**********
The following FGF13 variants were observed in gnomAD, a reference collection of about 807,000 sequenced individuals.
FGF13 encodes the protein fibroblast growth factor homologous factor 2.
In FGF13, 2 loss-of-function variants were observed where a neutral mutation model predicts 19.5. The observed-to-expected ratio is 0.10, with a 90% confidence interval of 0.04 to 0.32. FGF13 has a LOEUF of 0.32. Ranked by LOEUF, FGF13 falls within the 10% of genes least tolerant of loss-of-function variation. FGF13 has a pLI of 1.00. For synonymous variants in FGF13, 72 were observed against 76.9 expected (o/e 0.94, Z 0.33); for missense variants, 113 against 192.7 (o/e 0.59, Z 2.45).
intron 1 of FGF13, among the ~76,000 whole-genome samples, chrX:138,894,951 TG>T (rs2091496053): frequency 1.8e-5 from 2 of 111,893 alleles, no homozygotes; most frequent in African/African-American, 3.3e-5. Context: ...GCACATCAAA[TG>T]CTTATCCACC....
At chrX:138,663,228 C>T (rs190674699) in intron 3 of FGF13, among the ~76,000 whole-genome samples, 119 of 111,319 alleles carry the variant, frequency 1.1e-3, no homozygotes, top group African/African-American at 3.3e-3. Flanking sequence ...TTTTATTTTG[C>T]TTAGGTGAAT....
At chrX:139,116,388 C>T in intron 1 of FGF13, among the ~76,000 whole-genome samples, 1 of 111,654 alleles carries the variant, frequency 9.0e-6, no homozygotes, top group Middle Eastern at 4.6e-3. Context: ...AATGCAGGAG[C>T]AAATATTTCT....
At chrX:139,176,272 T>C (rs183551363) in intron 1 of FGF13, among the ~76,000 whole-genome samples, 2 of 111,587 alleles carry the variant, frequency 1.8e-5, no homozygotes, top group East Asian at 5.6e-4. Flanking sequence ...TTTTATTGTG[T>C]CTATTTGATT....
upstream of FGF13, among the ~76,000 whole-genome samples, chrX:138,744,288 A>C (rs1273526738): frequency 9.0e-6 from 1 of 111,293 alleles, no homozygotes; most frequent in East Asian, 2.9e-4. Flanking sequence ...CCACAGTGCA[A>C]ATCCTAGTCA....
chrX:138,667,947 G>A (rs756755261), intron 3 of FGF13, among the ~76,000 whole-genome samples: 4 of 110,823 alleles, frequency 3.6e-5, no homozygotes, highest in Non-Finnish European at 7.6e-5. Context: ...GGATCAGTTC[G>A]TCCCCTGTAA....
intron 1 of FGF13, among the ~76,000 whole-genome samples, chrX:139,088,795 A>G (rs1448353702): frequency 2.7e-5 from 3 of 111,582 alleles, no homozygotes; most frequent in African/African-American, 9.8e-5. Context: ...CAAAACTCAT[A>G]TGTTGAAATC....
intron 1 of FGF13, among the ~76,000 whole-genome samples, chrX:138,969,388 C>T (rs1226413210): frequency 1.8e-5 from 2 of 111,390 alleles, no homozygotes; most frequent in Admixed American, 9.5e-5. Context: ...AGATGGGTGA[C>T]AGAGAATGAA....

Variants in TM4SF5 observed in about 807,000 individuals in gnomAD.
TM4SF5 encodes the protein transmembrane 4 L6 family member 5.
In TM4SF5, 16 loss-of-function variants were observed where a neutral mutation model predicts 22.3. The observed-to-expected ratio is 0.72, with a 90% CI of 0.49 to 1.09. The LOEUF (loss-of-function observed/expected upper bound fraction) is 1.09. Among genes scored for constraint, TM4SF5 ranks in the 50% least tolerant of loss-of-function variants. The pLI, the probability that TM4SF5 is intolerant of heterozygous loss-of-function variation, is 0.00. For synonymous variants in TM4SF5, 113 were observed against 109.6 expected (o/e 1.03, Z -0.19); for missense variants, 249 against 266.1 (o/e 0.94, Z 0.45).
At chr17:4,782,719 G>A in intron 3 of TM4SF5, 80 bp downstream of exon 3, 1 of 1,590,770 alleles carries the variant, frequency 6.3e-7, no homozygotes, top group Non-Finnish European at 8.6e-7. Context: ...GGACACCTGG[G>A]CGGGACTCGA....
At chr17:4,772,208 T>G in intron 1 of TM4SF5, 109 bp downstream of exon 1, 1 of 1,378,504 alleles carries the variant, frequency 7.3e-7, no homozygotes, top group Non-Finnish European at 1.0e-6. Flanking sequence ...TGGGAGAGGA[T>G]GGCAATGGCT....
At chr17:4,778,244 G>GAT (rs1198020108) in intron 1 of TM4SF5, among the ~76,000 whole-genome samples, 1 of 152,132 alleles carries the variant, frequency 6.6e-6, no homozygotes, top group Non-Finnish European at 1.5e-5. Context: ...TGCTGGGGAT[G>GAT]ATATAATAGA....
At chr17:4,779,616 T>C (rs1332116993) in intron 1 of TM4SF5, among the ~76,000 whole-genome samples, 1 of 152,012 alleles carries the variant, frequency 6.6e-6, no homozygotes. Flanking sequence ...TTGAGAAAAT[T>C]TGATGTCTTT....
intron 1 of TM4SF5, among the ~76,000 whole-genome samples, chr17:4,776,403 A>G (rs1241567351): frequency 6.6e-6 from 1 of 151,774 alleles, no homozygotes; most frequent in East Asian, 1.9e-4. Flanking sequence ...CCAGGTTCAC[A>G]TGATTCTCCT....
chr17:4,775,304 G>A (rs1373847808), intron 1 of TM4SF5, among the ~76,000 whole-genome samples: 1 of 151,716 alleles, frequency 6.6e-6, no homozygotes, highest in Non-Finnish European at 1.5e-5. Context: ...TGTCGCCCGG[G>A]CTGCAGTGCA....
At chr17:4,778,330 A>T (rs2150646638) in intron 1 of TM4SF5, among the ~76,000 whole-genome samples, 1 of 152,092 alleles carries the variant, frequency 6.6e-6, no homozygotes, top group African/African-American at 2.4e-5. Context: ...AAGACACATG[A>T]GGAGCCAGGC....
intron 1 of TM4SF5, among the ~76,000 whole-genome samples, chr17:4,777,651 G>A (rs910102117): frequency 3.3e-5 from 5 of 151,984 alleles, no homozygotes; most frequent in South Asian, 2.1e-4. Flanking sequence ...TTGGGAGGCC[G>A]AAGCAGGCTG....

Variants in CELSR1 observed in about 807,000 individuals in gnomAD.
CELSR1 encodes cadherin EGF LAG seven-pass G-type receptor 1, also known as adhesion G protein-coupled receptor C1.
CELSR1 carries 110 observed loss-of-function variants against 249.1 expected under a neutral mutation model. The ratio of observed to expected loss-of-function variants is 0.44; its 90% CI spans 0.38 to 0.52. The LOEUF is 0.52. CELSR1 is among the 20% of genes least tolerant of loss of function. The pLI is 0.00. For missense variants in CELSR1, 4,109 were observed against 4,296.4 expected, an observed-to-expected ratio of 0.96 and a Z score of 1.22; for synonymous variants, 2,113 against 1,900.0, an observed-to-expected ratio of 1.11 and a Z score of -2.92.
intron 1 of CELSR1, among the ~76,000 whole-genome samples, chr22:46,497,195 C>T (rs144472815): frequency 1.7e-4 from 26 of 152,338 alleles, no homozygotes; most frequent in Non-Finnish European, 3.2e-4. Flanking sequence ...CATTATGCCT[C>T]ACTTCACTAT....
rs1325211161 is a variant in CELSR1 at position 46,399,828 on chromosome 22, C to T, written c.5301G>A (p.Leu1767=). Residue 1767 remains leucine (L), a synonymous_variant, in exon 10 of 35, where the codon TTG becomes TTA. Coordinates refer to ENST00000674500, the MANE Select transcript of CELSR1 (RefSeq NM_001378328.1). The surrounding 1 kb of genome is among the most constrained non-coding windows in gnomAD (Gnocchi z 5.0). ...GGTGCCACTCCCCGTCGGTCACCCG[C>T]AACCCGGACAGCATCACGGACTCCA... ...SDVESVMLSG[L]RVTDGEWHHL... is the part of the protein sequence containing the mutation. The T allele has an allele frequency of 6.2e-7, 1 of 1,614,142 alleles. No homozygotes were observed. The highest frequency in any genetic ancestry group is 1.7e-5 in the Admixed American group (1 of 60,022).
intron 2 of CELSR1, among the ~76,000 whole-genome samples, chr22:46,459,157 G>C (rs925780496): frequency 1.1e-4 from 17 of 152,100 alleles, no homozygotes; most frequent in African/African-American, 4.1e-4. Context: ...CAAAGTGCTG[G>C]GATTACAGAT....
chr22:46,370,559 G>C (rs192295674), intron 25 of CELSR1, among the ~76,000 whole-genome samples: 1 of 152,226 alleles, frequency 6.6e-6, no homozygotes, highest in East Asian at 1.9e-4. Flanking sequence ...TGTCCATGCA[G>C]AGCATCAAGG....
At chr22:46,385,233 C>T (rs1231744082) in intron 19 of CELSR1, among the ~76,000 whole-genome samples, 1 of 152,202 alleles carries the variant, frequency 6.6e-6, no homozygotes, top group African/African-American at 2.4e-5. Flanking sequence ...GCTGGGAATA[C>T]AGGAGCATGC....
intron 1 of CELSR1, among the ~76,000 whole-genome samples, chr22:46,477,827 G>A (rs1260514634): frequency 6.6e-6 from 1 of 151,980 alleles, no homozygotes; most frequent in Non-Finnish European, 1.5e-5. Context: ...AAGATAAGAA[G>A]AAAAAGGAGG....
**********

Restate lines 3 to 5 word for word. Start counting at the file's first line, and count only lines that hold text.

In FGF13, 2 loss-of-function variants were observed where a neutral mutation model predicts 19.5. The observed-to-expected ratio is 0.10, with a 90% confidence interval of 0.04 to 0.32. FGF13 has a LOEUF of 0.32. Ranked by LOEUF, FGF13 falls within the 10% of genes least tolerant of loss-of-function variation. FGF13 has a pLI of 1.00. For synonymous variants in FGF13, 72 were observed against 76.9 expected (o/e 0.94, Z 0.33); for missense variants, 113 against 192.7 (o/e 0.59, Z 2.45).
intron 1 of FGF13, among the ~76,000 whole-genome samples, chrX:138,894,951 TG>T (rs2091496053): frequency 1.8e-5 from 2 of 111,893 alleles, no homozygotes; most frequent in African/African-American, 3.3e-5. Context: ...GCACATCAAA[TG>T]CTTATCCACC....
At chrX:138,663,228 C>T (rs190674699) in intron 3 of FGF13, among the ~76,000 whole-genome samples, 119 of 111,319 alleles carry the variant, frequency 1.1e-3, no homozygotes, top group African/African-American at 3.3e-3. Flanking sequence ...TTTTATTTTG[C>T]TTAGGTGAAT....